As a natural social structure, the family unit functions out of the complexity of its own set of processes, problems and properties. Similar to other operational social systems, the family unit is structured in a way that doesn’t allow any of its members to function completely on his own. As a result of this, each member of the unit influences and affects every other part of his social network like any other social system.
The family social system is influenced by many aspects. Tradition, stability, loyalty, trust and interdependency are all important in understanding how a family really functions. Boundaries, rules and patterns of interaction as well as cultural influences also affect how families operate as a social system. These components all influence one another in their interrelationships within the family frame. These are the same components that are found within any social system.
The social structure of a family contains elements such as communication forms, rules, patterns of resolution for arising conflicts, structures of power and family roles, which all assist in the solving of problems, the completion of various tasks and the obtainment of the family’s goals. What makes the family different from other social systems is how it is built upon emotions like love, patience, forgiveness and endurance. This emotional bonding enables the family to build a foundation of understanding and acceptance between family members when communication is done properly.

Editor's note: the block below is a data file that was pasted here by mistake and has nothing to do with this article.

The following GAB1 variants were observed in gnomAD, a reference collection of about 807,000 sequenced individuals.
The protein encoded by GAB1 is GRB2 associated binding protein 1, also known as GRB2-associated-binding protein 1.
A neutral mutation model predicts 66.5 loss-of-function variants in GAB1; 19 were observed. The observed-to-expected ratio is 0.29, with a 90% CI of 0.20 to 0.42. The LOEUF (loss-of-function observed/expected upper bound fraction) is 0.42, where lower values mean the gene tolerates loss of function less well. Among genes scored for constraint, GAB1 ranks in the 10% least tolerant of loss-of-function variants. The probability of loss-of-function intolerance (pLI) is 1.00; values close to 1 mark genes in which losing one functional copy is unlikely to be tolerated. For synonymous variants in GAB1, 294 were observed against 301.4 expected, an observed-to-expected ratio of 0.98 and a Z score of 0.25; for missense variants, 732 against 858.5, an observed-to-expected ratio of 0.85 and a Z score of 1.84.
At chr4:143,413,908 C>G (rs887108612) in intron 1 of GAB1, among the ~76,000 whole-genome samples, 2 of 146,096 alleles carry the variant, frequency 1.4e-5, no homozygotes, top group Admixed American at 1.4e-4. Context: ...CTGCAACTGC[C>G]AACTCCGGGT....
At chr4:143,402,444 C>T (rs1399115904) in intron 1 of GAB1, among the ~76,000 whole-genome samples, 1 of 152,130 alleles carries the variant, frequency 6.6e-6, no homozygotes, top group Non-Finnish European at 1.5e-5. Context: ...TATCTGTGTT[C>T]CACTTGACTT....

Family social systems may operate on a generational basis, where things change down the line with each new generation coming up. A family social system must change along with it, much like other social systems. As children grow up to move on to lives of their own and parents grow older and go into retirement, these changes signal transitional shifts within the family social system.
Anxiety, anger, loss, fear, resentment and confusion are some of the emotions felt by different family members as the unit transitions to fit the new changes within the family structure and dynamic. How successfully a family copes with these changes depends largely on its perception of these transitions. The changes within the family system can be viewed as either conducive or destructive to the family nucleus and can either account for a positive change for the family or cause major dysfunction within the unit.
One other key component to the successful functioning of a family system is how well a family communicates and processes information. If information between family members is not communicated or processed properly it can cause major fallout and chaos within the family unit and disrupt the flow of the family system. Chaos and order within the family is determined by how information is shared between family members. How families communicate vital information with each other does affect the success and failure of how a family social system operates.